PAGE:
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Readiness and Rate of Perceived Exertion

Readiness and Rate of Perceived Exertion

What about Readiness and rate of perceived exertion? How much should you exercise?  Are you lazy for not doing that uphill run or are you supporting your body’s adaptive capacity by resting after a heavy strength training session, or after a night of poor sleep?

Exercise with variety and without injury is a cornerstone of health. However introducing variety and avoiding injury is the tricky bit, where the Oura wearable and Omiccan help.  Glenn Stewart and Dr Cindy de Villiers have put together program recommendations personalized to your daily readiness.

Considering that exercise is a stress (a disturbance in homeostasis) that the body needs to adapt to, it is ideal to target this stress at the optimal level to provide just enough stimulus. This allows for positive adaptions, such as improved aerobic fitness, fat loss or muscle gain compared to stressing the body so much that it is no longer able to adapt. The latter may result in fatigue and inflammation and everything that tags along.

So, forcing yourself to exercise at a high level when your body has not fully recovered is not the way to go. On the other hand, not doing any exercise or movement is also detrimental.  It is far better to take note of your body’s status and adapt your training program.  Your body will love you for it.

Without going into an exercise lab, how can you know that you are training at the optimal level.  Enter RPE.

RPE – Rate of Perceived Exertion

RPE is a well-recognized method of determining intensity and stress during exercise, without the need to be hooked up to a variety of machines and having your blood drawn while running on a treadmill!  We can be grateful to Dr Borg and his research subjects for doing the hard work and developing what has come to be known as the Borg scale. This has been simplified into a 1-10 Category Ratio Scale (RPE) and then into the Talk Test.  All scientifically validated. You won’t even need a heart rate monitor.

 

RPE and Training Zones

Traffic Light System

Based on your Oura Readiness Score of the previous two days, Omic uses a simple traffic light system to guide your training.  The recommendations are a combination of intensity, duration and type of exercise.   So, you may find that the recommended RPE differs for a particular category based on the type and duration of the exercise recommended.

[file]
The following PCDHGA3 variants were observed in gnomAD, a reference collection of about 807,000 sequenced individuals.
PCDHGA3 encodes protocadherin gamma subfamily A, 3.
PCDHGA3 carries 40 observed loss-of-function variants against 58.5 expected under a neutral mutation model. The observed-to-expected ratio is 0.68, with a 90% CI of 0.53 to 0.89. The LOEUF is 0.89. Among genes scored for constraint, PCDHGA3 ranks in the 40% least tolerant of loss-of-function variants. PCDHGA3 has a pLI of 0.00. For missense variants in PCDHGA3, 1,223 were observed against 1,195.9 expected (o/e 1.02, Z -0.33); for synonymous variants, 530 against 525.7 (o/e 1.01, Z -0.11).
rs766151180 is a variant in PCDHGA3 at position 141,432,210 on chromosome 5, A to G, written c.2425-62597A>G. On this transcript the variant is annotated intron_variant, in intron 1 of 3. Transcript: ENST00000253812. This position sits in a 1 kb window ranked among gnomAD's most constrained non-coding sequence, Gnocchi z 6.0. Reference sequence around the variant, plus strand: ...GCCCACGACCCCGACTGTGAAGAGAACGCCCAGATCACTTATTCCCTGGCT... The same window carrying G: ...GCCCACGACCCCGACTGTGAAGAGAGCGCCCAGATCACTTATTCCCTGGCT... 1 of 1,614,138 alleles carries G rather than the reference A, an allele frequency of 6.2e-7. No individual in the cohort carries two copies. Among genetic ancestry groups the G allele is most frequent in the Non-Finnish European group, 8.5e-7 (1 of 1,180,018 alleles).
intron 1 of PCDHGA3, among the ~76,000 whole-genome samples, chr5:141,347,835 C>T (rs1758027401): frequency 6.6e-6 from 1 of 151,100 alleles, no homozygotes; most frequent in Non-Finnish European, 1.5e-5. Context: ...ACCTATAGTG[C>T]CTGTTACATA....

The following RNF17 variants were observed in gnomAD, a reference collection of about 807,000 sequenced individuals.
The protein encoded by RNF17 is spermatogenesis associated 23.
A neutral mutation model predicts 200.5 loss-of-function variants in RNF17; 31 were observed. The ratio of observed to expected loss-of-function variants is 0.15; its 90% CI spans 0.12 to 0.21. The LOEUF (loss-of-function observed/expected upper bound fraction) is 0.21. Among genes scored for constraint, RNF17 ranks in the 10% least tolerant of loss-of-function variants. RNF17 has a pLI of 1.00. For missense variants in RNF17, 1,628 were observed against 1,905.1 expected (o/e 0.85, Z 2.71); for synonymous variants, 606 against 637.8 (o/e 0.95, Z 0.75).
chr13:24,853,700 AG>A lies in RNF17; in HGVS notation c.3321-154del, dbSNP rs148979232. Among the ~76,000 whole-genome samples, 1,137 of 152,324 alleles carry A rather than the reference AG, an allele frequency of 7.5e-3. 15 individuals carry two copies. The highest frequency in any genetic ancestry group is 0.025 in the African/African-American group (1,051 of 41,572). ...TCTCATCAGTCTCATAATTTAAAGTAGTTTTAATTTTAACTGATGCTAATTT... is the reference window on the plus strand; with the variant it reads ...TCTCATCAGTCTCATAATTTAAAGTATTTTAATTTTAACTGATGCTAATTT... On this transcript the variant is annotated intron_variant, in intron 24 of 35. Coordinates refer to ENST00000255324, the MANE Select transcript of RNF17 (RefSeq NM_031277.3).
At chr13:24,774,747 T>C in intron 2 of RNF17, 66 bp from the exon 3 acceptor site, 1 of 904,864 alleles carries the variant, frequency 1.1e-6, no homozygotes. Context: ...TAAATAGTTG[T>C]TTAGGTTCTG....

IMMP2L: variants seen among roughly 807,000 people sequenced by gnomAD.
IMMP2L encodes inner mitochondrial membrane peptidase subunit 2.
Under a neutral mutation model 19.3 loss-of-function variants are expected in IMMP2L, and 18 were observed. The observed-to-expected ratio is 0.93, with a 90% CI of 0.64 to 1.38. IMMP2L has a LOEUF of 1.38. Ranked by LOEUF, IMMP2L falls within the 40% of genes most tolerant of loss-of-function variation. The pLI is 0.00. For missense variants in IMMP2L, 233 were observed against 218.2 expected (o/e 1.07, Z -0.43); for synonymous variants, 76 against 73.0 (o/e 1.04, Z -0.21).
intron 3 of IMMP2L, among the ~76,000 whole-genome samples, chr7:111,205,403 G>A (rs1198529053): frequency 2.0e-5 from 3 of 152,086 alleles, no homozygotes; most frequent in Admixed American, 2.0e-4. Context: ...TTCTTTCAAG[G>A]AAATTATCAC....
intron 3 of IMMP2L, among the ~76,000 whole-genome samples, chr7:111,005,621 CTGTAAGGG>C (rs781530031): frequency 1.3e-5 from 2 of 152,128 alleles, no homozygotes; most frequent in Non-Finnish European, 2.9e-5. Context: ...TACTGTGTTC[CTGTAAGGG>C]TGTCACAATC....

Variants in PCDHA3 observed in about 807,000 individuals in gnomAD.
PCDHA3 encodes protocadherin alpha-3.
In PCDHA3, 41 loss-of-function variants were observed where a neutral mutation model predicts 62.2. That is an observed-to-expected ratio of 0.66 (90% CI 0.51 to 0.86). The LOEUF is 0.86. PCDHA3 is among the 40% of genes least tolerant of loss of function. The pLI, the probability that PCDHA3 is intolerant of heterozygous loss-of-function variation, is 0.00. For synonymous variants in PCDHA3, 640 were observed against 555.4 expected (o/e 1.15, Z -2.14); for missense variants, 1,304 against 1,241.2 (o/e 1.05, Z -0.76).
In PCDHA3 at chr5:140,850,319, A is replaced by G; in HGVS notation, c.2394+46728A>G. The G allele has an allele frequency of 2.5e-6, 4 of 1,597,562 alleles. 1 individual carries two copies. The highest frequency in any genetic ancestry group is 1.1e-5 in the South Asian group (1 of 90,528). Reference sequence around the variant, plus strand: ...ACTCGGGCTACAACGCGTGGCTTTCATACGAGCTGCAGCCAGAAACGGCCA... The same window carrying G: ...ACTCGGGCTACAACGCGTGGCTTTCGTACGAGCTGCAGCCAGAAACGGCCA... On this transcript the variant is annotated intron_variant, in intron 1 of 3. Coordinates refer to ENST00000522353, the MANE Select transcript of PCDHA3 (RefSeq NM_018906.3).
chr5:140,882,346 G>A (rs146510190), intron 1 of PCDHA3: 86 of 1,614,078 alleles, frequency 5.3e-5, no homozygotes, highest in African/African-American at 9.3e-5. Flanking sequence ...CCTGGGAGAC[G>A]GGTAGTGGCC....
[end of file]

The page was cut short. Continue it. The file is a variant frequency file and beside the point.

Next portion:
You can expect your HRV to be lower for a day or two after exercise as your body adapts to the stimulus.  If you are exercising optimally, your HRV will stay stable or improve over time.

 

Categories

Green: Exercise as a stimulus for further adaptation.

Amber:  Exercise to maintain current gains; The exercises in this category vary depending on how long you have been in the Amber category and whether you have changed from Red to Amber or from Green to Amber.

Red: Steady state and the higher end and Recovery at the lower end.

Important Points

Log into your Oura app first. This uploads your data from your ring which is then passed on to Omic.

Untrained individuals should train at the lower end of the suggested RPE.

Always check with your health care provider before starting an exercise program.

 

Bibliography
  1. Eston, R. Use of ratings of perceived exertion in sports. Int J Sports Physiol Perform 7, 175-182 (2012).
  2. Noble, B.J., Borg, G.A., Jacobs, I., Ceci, R. & Kaiser, P. A category-ratio perceived exertion scale: relationship to blood and muscle lactates and heart rate. Medicine and science in sports and exercise 15, 523-528 (1983).
  3. Woltmann, M.L., et al. Evidence that the talk test can be used to regulate exercise intensity. Journal of strength and conditioning research 29, 1248-1254 (2015).
  4. Schofield, G.Z., Caryn; Rodger, Craig. Sports Performance What the Fat, (Asia Pacific Offset Ltd, 2016).
Dr Cindy de Villiers
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